• Qualifies for Chase Offers (miscellaneous rebate offers)

Verdict: Tie.  On the surface it looks like Amex offers better value since you can earn up to $500 back every year whereas some of Chase’s credits are for 2021 only.  In practice, though, Chase’s travel credits are so much easier to earn than Amex’s airline fee credits that it’s not fair to compare them.  Amex’s airline fee credits work only for certain charges made with your selected airline (See: Amex Airline Fee Reimbursements. What still works?).  Chase’s travel credits meanwhile work with all travel purchases.  And Amex’s Uber and Saks credits must be earned in small chunks whereas Chase’s credits can be used up all at once.

One area where Amex shines compared to Chase is with Amex Offers.  It’s hard to quantify these because they come and go, but Amex seems to be much more likely to have much more valuable offers.

Verdict: Tie.  Amex offers more potential value, but Chase makes it easy.

Rewards for Spend (Win: Chase)

Amex Platinum Card
  • 5X points on flights booked directly with airlines
  • 5X points at amextravel.com
  • 1X everywhere else
Chase Sapphire Reserve Card
  • 3X travel
  • 3X dining
  • 10X Lyft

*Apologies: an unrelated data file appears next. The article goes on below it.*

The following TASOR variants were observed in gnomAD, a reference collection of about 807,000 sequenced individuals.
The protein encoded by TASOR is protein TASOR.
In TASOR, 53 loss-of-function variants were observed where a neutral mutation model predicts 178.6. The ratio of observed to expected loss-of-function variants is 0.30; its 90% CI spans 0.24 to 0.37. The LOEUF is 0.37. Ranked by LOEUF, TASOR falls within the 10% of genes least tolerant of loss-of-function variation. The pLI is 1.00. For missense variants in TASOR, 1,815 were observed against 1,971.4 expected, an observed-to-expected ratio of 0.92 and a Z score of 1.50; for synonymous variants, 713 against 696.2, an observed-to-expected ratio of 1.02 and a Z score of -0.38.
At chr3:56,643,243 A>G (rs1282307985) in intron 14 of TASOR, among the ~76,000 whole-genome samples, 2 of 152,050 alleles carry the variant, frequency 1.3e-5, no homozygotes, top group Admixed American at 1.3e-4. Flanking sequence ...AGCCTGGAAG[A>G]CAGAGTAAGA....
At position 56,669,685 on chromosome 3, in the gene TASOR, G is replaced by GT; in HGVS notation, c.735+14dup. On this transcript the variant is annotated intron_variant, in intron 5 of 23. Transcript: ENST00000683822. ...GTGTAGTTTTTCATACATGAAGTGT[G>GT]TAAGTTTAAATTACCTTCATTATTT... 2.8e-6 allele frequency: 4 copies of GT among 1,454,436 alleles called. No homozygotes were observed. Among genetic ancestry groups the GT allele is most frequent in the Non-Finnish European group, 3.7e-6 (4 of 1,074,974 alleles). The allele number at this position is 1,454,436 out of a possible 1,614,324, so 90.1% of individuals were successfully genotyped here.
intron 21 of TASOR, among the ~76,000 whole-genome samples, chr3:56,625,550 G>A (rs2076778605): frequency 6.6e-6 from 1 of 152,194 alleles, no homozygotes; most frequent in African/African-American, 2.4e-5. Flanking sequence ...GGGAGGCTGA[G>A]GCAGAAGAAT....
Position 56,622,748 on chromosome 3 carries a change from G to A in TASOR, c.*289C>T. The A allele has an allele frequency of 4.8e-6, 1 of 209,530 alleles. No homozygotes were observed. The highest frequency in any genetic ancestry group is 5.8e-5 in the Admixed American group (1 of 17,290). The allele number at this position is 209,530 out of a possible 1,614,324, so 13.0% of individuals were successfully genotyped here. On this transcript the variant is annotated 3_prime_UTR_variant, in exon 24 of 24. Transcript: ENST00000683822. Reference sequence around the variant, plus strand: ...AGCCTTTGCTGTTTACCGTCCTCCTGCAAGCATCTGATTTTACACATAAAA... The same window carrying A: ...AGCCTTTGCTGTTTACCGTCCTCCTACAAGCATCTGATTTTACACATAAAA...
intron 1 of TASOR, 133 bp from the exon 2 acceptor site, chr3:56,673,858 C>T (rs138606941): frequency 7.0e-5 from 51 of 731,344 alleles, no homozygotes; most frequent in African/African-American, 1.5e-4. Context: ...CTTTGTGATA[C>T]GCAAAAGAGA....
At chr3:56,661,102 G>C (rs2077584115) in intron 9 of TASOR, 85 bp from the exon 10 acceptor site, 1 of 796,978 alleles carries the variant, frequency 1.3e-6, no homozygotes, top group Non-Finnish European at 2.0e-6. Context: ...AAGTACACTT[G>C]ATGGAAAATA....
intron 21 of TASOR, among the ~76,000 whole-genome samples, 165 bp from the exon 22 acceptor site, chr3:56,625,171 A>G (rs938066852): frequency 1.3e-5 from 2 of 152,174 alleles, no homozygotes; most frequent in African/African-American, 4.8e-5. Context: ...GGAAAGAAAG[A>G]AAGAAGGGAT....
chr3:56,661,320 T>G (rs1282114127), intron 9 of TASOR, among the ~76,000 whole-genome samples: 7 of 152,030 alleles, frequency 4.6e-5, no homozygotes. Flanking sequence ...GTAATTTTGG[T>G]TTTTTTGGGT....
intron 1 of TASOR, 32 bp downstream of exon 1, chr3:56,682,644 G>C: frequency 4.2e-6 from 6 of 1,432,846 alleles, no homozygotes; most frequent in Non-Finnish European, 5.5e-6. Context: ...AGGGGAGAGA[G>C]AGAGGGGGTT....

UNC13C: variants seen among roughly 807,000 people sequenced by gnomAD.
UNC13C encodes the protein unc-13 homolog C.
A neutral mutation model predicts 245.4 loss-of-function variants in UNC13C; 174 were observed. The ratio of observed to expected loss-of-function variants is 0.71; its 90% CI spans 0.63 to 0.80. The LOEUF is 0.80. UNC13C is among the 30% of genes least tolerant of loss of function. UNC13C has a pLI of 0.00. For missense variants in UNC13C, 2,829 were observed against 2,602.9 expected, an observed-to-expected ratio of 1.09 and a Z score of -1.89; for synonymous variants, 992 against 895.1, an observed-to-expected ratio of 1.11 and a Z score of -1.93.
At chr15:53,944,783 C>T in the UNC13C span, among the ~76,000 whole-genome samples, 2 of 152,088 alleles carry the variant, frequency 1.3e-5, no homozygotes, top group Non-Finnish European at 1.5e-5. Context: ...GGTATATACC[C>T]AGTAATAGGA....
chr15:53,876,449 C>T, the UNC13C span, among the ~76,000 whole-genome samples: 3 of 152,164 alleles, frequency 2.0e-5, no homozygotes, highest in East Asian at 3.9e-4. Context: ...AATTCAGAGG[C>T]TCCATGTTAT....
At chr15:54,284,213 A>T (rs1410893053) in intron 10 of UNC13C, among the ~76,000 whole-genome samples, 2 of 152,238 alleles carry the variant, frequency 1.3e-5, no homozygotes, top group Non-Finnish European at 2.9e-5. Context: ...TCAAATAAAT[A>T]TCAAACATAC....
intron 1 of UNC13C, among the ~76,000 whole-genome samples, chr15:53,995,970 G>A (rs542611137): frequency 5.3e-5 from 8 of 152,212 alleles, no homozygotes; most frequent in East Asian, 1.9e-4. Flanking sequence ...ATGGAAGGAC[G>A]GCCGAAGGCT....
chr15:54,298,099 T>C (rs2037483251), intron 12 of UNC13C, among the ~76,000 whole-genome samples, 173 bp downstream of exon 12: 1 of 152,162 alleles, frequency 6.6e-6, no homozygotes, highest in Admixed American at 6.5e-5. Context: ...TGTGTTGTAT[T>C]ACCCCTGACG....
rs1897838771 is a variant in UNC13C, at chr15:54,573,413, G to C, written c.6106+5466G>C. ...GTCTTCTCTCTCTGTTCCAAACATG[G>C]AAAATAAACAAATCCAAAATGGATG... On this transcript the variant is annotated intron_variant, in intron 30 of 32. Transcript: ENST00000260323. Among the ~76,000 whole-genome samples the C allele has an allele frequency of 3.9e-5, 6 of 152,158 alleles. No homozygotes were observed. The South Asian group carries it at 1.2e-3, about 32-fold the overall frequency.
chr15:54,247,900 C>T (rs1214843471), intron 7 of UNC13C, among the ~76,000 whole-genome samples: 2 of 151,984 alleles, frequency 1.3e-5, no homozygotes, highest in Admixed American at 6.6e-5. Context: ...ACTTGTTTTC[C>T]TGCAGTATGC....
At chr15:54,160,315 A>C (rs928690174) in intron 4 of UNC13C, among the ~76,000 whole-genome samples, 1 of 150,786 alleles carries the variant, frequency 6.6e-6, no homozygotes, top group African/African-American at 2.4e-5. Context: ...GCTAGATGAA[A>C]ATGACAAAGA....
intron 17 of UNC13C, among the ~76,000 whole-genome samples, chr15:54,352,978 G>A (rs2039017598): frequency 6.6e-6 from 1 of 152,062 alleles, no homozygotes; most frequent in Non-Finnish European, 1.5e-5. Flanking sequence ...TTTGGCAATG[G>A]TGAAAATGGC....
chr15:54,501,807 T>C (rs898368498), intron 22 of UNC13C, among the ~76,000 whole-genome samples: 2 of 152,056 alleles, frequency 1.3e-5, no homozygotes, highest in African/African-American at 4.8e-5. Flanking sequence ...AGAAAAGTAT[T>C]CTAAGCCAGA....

• 1X everywhere else

Chase’s travel & dining categories are way broader than Amex’s 5X options.  My bet is that most people will earn more points with the Chase Sapphire Reserve.

Verdict: Chase for the win.

Value of Rewards (Win: Chase*)

Amex Platinum Card Chase Sapphire Reserve Card

The Amex Platinum card earns Membership Rewards points and the Chase Sapphire Reserve card earns Ultimate Rewards points.  Both are transferable points programs.  Amex arguably has the edge by supporting more valuable airline transfer partners, but Chase supports a fantastic 1 to 1 hotel transfer partner: Hyatt.  Further, Chase has the edge in making it easy to use points for 1.5 cents value towards any travel purchased through Ultimate Rewards and through Chase’s Pay Yourself Back feature.  With Amex, you need to have additional cards in order to get better than 1 cent per point value when purchasing travel.  For example, it’s possible to get approximately 1.5 cents per point value towards certain airfare with the Business Platinum card.

Verdict: Chase for the win*